Atomic Variables

With the advent of multiprocessor systems, the requirement of the programs to maintain the synchronization has become mandatory.

In a multiprocessor systems if a program is being executed on multiple processors with data being shared between the processors then the update of data by one one processor might be affected by an update by another processor.

For eg consider the instruction val = val + 1; This is a good example of a read modify write instruction where the processor read the value of "val" modifies it and write it back. In a uniproessor system this poses no problem because the processor will not let go of the memory bus until the instruction is not completely executed.

But in a multiprocessor system, the memory bus might be released after the read and while one processor updates the value another processor can make use of the bus.
If two processors, processor A and processor B reach this instruction at the same time. Assume the value of val is 3 initially.

Processor A reads the value 3 and lets go of the bus
While processor A updates the val processor B also reads val as 3 and lets the go of the bus
Now processor A updates the new value 4 in the val
Then processor B also updates the value of val as 4.

With 2 increments the value of val should have become 5, but it remains at 4 because both the processors were allowed to read the variable before one of them finished the operation on it.

This simultaneous access can be prevented using semaphores and spinlocks but implementing a semaphore or spinlock for one instruction might be an overkill.

There is another solution in linux kernel called atomic variables.

Atomic variables are the ones on whom the read modify write operation is done as one instruction with out any interruption .

In the above example if val was an atomic variable then processor B would have been allowed access to the variable only after processor A has finished the updating the visible, until then the processor A would have held on to the memory bus.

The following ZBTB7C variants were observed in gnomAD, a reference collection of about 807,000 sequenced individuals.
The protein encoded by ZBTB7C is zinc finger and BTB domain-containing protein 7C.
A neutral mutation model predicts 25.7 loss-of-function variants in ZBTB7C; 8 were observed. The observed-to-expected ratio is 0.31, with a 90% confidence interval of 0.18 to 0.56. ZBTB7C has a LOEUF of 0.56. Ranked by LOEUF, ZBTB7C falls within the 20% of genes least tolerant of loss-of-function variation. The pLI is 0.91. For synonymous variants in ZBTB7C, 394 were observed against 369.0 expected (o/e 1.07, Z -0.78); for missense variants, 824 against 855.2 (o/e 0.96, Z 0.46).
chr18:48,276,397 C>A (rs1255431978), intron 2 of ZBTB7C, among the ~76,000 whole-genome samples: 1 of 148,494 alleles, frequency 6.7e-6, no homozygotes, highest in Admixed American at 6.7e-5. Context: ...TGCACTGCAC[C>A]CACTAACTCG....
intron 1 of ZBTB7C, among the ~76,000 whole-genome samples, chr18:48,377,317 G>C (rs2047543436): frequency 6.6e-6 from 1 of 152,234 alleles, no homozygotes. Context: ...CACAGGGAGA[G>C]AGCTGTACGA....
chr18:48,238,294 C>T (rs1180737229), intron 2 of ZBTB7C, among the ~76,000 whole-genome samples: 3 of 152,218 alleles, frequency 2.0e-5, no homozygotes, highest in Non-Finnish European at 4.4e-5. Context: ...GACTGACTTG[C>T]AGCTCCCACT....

To make use of the atomic variables the variable needs to be declared as of type atomic_t.

The access to the atomic variables is not through the standard instructions but using special functions listed below.

atomic_t *val   Declaration

atomic_read(val): Returns the value of *val
atomic_set(val,i) :  Sets *val to i

atomic_add(i,val):    adds i to *val
atomic_sub(i,val):  Subtracts i from *val
atomic_sub_and_test(i, val) : Subtracts i from *val and returns 1 if the result is zero,

atomic_inc(val) : Adds 1 to *val
atomic_dec(val) :  Subtracts 1 from *val

atomic_dec_and_test(val): Subtracts 1 from *val and returns 1 if the result is zero, otherwise it returns 0
atomic_inc_and_test(val): Adds 1 to *v and returns 1 if the result is zero; 0 otherwise

atomic_add_negative(i, val): Adds i to *val and returns 1 if the result is negative, otherwise it returns 0

atomic_inc_return(val): Adds 1 to *val and returns the new value of *val
atomic_dec_return(val): Subtracts 1 from *val and return the new value of *val
atomic_add_return(i, val) : Adds i to *val and returns the new value of *val
atomic_sub_return(i, val): Subtracts i from *val and return the new value of *val

Let us write a small module using one of the functions and see how it gets implemented at the assembly level.

***********************test_atomic.c **********************

atomic_t *test; 

int test_init(void) 

void test_exit(void)

Save the above code as test_atomic.c, the makefile required to compile the code will be


ifneq ($(KERNELRELEASE),) 
   obj-m := test_atomic.o

KERNELDIR ?= /lib/modules/$(shell uname -r)/build 

PWD := $(shell pwd)

$(MAKE) -C $(KERNELDIR) M=$(PWD) modules  
$(MAKE) -C $(KERNELDIR) M=$(PWD) clean

Now compile the code by running the command make

$ make

This should generate the file test_atomic.ko.

To look at the assembly instructions for this code we can use "objdump"  which is a command to read information from object files.

Run the command as follows

$ objdump -d -S test_atomic.ko 

test_atomic.o:     file format elf32-i386

Disassembly of section .text:

00000000 <init_module>:
   0: a1 00 00 00 00       mov    0x0,%eax
   5: c7 00 02 00 00 00     movl   $0x2,(%eax)
   b: a1 00 00 00 00       mov    0x0,%eax
  10: f0 83 00 02           lock addl $0x2,(%eax)   
  14: c3                   ret    

00000015 <cleanup_module>:
  15: c3                   ret    

The lines after <init_module> in the output of the command is the assembly code for the init function we have written.

If we look at the 4th line of the assebly instructions we notice an instruction that starts with the keyword "lock" and then followed by "addl".

This instruction corresponds to the function "atomic_add". The lock keyword makes sure that the memory bus remains locked as long as the variable is not read modified and written back.

Similarly any of the atomic instructions are executed with the lock keyword making sure that the read modify write happens with out any interruptions.

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